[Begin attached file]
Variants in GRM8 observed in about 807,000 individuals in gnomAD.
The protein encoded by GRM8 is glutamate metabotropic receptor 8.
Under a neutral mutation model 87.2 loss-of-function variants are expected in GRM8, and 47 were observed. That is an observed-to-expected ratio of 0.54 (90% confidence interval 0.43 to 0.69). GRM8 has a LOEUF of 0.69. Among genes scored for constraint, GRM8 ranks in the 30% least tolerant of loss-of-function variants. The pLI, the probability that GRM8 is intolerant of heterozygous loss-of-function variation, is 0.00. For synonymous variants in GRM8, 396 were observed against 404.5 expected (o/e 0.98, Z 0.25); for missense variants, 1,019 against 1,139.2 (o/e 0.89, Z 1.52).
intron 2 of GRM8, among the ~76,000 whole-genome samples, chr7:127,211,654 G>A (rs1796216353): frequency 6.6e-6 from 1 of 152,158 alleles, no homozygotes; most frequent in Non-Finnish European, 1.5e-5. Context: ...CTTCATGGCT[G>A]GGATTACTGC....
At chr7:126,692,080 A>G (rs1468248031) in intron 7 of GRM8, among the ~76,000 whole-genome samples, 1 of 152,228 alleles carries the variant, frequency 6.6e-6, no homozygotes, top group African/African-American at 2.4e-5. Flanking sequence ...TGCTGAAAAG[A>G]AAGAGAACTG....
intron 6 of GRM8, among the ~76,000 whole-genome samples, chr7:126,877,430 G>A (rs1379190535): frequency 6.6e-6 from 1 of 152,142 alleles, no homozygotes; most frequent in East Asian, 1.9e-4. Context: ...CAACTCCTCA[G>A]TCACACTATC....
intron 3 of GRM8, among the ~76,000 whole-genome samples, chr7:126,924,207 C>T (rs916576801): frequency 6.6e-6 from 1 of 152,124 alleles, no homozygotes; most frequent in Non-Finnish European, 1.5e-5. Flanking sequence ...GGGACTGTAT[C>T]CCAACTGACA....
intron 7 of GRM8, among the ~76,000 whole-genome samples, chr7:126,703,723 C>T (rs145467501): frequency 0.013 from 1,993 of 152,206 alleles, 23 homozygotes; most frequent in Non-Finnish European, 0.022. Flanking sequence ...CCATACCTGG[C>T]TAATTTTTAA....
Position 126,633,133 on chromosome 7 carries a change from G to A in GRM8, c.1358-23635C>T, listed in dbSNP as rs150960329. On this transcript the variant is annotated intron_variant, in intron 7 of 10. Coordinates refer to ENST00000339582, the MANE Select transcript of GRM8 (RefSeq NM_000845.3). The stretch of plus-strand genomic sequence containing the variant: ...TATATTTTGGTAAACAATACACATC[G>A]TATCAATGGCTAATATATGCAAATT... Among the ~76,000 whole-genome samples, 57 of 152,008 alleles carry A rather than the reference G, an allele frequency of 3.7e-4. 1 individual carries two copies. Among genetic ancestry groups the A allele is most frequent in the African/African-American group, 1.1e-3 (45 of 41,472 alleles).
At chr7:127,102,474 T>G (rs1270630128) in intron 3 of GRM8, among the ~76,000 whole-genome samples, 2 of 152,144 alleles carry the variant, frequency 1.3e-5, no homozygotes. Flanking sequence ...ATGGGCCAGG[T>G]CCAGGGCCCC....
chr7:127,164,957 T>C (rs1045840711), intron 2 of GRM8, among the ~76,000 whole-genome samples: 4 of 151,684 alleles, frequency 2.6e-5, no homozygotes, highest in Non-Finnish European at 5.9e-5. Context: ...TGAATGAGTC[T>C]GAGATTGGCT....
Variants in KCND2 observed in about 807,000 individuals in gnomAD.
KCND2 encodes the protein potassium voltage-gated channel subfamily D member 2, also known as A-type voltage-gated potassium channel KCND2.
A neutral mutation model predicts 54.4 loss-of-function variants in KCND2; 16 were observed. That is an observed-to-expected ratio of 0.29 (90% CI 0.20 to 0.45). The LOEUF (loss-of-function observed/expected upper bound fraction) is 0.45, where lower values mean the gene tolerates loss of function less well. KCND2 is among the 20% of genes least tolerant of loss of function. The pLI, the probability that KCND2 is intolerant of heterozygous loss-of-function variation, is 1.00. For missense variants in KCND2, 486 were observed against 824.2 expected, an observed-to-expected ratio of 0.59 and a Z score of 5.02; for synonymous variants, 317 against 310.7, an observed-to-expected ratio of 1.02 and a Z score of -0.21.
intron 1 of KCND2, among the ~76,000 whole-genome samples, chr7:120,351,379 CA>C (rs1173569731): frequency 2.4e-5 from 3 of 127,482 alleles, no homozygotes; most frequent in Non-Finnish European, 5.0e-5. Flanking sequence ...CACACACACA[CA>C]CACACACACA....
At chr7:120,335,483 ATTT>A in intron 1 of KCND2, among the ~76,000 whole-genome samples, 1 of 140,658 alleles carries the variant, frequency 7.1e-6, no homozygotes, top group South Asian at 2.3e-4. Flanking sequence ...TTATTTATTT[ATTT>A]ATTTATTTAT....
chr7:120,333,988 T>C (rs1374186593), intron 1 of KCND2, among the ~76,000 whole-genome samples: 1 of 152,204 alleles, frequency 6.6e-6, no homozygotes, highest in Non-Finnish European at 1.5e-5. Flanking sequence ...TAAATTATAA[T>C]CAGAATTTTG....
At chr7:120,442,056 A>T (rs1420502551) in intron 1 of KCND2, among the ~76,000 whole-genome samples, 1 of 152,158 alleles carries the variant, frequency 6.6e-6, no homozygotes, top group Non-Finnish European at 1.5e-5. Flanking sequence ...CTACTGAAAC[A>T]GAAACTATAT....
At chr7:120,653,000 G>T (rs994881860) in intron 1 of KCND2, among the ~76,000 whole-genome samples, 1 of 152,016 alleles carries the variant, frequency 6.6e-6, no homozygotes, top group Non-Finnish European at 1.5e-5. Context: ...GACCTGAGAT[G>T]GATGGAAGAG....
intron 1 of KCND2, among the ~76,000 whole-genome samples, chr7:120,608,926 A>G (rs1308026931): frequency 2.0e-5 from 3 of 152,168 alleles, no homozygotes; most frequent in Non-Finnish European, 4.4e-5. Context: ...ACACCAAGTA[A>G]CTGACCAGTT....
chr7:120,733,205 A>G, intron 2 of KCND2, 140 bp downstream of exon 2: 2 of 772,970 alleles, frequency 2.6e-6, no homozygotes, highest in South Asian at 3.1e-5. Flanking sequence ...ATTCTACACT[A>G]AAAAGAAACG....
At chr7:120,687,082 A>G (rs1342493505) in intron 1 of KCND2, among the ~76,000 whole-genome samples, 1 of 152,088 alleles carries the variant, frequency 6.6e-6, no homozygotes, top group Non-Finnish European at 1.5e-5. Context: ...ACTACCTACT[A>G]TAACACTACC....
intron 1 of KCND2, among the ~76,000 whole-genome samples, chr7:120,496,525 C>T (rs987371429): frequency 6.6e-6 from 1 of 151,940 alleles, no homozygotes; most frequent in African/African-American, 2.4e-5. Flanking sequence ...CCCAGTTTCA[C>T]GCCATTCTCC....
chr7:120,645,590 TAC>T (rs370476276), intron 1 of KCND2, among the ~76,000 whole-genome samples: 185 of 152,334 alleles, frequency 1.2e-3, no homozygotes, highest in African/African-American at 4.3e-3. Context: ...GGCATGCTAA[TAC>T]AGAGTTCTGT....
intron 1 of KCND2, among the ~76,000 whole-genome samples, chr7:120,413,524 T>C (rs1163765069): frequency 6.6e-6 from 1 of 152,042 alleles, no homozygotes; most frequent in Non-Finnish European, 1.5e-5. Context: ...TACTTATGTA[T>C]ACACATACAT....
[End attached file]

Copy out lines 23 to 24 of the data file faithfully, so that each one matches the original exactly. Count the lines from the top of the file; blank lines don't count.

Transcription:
intron 1 of KCND2, among the ~76,000 whole-genome samples, chr7:120,496,525 C>T (rs987371429): frequency 6.6e-6 from 1 of 151,940 alleles, no homozygotes; most frequent in African/African-American, 2.4e-5. Flanking sequence ...CCCAGTTTCA[C>T]GCCATTCTCC....
chr7:120,645,590 TAC>T (rs370476276), intron 1 of KCND2, among the ~76,000 whole-genome samples: 185 of 152,334 alleles, frequency 1.2e-3, no homozygotes, highest in African/African-American at 4.3e-3. Context: ...GGCATGCTAA[TAC>T]AGAGTTCTGT....